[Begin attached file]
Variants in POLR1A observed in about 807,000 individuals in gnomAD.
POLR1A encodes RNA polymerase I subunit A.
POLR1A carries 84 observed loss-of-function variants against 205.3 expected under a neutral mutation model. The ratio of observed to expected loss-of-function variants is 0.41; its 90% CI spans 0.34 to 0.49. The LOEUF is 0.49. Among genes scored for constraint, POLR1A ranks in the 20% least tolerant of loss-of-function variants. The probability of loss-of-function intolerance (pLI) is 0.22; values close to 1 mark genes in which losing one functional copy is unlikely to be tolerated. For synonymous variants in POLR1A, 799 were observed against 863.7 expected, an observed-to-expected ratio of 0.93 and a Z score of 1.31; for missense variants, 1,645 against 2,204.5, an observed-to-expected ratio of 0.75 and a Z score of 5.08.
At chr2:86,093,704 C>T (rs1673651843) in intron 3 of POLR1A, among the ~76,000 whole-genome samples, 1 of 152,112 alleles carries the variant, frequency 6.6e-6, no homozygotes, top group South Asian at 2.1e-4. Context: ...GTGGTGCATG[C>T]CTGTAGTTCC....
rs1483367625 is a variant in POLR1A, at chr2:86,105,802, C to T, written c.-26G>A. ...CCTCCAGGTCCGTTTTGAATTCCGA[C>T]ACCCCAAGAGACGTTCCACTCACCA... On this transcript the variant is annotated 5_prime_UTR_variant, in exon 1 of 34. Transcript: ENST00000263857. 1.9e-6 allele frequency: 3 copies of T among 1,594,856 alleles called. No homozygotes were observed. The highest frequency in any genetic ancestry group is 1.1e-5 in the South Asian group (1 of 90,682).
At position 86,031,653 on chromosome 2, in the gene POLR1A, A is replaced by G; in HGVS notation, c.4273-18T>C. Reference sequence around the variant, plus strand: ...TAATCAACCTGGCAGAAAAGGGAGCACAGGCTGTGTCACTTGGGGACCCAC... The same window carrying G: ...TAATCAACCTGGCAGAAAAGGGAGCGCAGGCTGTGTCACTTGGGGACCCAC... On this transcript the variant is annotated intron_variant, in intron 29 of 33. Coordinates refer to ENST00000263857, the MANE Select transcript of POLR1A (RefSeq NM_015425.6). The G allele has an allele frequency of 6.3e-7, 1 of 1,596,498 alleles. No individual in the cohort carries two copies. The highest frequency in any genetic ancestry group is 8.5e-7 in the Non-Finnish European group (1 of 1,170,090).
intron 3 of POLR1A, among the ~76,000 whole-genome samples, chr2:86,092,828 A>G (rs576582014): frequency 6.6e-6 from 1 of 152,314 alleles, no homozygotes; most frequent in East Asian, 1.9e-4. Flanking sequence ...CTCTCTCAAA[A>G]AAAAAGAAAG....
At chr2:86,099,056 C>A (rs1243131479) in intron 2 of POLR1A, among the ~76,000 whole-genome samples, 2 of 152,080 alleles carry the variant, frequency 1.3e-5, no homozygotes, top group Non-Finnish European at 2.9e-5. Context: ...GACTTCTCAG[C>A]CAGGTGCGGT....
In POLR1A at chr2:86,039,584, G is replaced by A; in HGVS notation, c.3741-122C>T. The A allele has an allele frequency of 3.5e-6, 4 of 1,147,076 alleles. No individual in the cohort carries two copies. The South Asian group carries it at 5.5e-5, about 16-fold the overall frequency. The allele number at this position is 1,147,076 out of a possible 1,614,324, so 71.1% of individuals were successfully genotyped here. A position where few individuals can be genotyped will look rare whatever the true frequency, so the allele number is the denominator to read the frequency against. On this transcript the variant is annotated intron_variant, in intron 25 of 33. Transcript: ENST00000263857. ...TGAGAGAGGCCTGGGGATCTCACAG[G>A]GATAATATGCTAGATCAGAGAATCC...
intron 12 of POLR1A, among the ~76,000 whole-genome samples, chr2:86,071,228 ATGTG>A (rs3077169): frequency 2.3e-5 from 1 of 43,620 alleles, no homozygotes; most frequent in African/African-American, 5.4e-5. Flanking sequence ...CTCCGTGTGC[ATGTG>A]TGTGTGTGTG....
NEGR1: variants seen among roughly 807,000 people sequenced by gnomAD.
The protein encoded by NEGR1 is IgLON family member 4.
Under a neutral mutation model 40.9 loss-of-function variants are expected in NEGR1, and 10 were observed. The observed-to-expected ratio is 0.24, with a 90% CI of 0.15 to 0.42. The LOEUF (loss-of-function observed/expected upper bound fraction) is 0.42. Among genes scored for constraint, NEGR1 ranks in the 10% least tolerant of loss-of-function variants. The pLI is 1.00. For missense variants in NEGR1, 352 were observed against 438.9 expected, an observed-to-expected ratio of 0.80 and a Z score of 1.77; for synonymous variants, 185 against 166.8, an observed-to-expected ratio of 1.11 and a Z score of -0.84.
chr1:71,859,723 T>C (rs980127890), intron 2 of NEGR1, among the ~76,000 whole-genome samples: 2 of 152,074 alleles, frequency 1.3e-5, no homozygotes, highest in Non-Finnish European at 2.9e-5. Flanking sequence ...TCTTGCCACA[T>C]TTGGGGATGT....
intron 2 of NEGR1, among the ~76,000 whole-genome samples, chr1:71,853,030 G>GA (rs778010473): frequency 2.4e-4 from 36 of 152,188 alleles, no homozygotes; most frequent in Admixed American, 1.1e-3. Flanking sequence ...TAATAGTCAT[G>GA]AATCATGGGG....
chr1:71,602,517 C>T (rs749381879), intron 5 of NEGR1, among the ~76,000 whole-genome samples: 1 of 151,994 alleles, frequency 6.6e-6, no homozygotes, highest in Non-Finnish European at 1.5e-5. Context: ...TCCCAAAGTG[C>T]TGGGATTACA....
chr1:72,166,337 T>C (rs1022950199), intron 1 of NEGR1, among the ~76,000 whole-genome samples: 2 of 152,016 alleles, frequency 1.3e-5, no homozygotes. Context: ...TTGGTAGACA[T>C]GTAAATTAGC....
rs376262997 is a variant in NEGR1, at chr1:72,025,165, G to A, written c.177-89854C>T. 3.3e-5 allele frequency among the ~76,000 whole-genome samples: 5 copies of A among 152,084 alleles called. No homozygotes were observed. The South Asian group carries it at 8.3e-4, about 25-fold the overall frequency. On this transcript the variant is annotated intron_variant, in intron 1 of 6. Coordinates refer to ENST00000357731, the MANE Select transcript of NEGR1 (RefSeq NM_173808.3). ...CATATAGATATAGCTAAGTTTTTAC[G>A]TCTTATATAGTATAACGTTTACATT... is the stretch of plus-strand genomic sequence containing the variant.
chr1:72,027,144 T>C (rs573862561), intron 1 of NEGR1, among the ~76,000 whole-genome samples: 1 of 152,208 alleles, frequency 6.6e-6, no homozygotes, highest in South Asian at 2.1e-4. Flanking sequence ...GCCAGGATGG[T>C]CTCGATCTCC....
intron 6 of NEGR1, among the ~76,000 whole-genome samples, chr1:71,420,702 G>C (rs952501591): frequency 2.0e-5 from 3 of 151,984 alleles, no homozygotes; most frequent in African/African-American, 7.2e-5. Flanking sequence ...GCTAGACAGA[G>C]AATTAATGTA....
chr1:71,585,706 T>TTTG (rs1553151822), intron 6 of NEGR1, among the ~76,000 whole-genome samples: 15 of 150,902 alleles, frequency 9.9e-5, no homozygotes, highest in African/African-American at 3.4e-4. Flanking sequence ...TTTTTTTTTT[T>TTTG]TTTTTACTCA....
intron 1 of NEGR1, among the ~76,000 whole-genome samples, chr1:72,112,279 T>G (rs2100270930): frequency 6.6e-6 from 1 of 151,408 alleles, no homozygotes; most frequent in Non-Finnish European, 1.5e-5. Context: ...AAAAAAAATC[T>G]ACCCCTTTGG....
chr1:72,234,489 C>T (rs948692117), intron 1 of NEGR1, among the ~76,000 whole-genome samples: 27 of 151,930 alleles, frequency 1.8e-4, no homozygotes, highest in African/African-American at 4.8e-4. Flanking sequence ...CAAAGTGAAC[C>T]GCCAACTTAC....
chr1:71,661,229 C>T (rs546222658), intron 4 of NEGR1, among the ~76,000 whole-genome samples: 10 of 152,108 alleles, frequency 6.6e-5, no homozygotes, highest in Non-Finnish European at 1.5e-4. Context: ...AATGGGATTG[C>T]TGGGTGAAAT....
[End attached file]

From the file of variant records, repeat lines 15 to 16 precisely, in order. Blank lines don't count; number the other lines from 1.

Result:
intron 2 of NEGR1, among the ~76,000 whole-genome samples, chr1:71,853,030 G>GA (rs778010473): frequency 2.4e-4 from 36 of 152,188 alleles, no homozygotes; most frequent in Admixed American, 1.1e-3. Flanking sequence ...TAATAGTCAT[G>GA]AATCATGGGG....
chr1:71,602,517 C>T (rs749381879), intron 5 of NEGR1, among the ~76,000 whole-genome samples: 1 of 151,994 alleles, frequency 6.6e-6, no homozygotes, highest in Non-Finnish European at 1.5e-5. Context: ...TCCCAAAGTG[C>T]TGGGATTACA....